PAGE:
“Charting the physical aspects of the city that work against women, from inefficient public transport to a lack of supportive care networks for working mothers, Kern argues that there are ways to transform the city that would advance the liberation of women and marginalized people … Kern’s analysis seems especially timely as we debate the role of police in our society and how we can better protect marginalized people.” —Nicole Froio, Bitch Media
“An intersectional analysis of our urban environments through a combination of personal narrative, theory, and pop culture analysis.” —Leilah Stone, Metropolis Magazine
“Looking through the lens of geography, pop culture and public and personal history, the book exposes how female bodies are ostracised in urban spaces.” —Refinery29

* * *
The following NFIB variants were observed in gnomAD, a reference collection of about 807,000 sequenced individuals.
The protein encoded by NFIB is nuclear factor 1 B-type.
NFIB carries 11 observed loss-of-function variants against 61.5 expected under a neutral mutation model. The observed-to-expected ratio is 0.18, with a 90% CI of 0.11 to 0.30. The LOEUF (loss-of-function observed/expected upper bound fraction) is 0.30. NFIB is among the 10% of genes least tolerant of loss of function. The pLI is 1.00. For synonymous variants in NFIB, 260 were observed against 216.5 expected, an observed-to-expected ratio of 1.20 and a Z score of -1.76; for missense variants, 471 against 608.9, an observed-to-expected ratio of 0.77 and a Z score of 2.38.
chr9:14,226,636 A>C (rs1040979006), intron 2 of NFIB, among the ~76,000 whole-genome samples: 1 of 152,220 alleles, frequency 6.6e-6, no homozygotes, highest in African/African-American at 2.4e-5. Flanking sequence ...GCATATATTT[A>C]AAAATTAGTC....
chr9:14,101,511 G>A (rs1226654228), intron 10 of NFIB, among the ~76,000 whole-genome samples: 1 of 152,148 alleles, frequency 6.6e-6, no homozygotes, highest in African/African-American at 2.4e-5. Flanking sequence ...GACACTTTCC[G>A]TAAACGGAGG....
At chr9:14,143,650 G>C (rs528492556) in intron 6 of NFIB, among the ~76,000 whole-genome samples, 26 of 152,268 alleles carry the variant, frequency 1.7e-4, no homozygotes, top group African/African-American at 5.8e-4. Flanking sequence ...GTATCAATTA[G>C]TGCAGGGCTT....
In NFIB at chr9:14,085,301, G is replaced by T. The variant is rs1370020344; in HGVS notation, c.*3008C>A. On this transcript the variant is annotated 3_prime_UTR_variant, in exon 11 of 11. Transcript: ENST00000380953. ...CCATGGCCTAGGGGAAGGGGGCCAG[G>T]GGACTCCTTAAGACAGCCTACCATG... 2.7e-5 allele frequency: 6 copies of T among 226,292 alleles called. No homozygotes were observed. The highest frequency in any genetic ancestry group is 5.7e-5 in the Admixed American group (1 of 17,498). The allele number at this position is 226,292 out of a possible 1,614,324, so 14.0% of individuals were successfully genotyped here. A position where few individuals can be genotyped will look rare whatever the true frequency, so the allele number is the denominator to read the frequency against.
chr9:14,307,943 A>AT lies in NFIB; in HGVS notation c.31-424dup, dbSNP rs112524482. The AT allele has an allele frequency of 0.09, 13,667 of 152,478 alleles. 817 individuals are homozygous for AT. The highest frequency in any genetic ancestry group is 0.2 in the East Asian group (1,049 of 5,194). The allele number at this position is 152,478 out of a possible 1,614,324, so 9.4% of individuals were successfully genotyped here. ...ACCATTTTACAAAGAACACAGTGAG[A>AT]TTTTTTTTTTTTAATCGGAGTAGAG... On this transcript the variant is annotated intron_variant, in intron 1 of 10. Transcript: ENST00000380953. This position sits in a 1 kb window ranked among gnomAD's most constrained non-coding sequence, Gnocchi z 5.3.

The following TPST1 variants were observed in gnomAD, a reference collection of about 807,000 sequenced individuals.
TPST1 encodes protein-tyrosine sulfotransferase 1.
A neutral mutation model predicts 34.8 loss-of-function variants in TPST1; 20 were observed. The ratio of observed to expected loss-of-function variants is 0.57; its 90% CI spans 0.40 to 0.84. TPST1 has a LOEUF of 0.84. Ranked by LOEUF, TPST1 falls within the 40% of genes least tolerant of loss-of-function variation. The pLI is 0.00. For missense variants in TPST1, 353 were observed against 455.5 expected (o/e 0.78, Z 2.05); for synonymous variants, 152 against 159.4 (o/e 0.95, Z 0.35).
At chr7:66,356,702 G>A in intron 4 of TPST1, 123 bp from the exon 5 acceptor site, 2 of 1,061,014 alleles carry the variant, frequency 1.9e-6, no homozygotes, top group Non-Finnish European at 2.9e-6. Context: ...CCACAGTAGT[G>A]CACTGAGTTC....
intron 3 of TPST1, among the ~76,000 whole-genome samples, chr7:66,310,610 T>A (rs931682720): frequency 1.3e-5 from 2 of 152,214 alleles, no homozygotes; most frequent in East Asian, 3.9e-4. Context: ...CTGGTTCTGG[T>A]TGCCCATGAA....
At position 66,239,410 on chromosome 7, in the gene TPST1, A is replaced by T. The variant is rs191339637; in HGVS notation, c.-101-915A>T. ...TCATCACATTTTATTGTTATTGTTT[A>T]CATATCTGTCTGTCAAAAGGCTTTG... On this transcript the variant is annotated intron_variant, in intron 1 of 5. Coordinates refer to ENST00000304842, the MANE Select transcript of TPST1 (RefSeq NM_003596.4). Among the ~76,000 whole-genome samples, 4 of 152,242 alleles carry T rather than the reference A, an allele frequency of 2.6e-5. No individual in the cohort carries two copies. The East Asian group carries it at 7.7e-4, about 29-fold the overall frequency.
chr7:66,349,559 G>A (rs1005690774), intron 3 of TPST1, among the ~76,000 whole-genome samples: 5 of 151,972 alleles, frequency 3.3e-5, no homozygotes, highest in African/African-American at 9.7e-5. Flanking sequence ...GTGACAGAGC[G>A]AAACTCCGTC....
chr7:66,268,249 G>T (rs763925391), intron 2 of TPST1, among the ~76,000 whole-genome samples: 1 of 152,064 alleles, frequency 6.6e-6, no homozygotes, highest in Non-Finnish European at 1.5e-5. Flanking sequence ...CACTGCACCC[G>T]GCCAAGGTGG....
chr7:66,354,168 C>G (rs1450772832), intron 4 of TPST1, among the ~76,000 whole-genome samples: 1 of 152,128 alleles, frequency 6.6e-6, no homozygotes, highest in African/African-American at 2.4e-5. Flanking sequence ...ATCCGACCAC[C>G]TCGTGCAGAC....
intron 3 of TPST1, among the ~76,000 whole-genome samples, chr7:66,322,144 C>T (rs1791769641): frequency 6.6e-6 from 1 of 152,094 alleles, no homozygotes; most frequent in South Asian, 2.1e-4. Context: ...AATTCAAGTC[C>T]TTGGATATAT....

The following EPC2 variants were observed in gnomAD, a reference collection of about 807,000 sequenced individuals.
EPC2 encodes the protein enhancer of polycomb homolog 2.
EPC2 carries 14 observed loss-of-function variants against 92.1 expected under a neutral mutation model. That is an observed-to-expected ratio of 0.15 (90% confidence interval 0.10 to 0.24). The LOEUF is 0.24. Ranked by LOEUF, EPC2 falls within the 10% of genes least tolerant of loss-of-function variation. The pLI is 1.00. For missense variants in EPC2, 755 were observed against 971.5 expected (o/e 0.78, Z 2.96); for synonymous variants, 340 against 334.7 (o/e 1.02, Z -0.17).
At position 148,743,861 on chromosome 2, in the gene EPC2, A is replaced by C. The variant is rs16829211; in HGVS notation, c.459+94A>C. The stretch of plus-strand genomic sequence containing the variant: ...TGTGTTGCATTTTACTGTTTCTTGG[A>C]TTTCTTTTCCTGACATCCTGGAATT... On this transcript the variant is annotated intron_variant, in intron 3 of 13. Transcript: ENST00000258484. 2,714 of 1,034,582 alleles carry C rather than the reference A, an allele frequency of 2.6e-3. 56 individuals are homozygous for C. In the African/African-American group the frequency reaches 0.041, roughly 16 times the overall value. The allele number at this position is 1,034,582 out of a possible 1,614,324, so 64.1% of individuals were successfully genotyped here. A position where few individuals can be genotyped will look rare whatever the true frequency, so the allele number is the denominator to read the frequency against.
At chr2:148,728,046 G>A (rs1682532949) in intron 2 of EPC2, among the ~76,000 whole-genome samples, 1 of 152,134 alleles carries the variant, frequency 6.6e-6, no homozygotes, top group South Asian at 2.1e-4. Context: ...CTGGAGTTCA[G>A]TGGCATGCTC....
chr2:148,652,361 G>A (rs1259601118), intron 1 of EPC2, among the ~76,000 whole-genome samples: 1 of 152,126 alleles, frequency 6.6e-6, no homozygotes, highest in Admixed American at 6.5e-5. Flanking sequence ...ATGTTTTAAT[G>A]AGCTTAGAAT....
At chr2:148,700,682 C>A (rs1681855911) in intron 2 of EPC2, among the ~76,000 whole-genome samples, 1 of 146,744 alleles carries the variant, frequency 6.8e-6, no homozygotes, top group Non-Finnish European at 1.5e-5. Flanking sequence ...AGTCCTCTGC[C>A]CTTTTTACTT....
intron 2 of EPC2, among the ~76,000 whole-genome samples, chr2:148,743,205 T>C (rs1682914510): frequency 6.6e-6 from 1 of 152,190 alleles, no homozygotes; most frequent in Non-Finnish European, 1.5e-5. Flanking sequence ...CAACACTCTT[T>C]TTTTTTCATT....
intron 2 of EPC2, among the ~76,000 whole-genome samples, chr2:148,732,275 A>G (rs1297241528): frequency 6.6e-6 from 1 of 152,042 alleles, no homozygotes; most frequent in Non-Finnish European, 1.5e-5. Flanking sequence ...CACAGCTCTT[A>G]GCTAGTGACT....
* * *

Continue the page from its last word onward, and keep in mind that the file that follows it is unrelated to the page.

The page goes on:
“Feminist City balances descriptions of our environment with the internal conversations or anxieties we feel as we wait for the bus, rush to pick up our child before daycare closes, and navigate space that’s designed to keep us inside.” —Elizabeth Whitton, Greater Greater Washington
“A joy to dip into.” —Developer
“There should be more books like this … Feminist City is wide-ranging and sophisticated, brief and engaging.” —ICON
“[Kern’s] message is that thoughtful planners can and, eventually will, arrive at the feminist city as long as women’s voices get the attention they deserve.” —Josh Stephens, California Planning & Development Report
“A wide-ranging survey of social inequalities exacerbated by one-size-fits-all urban planning—inequalities ripe for improvement. “ —Britta Shoot, KQED
“Kern [wants] to envision a more inclusive city that considers the physical and cultural needs of its most marginalized members.” —Apoorva Tadepalli, In These Times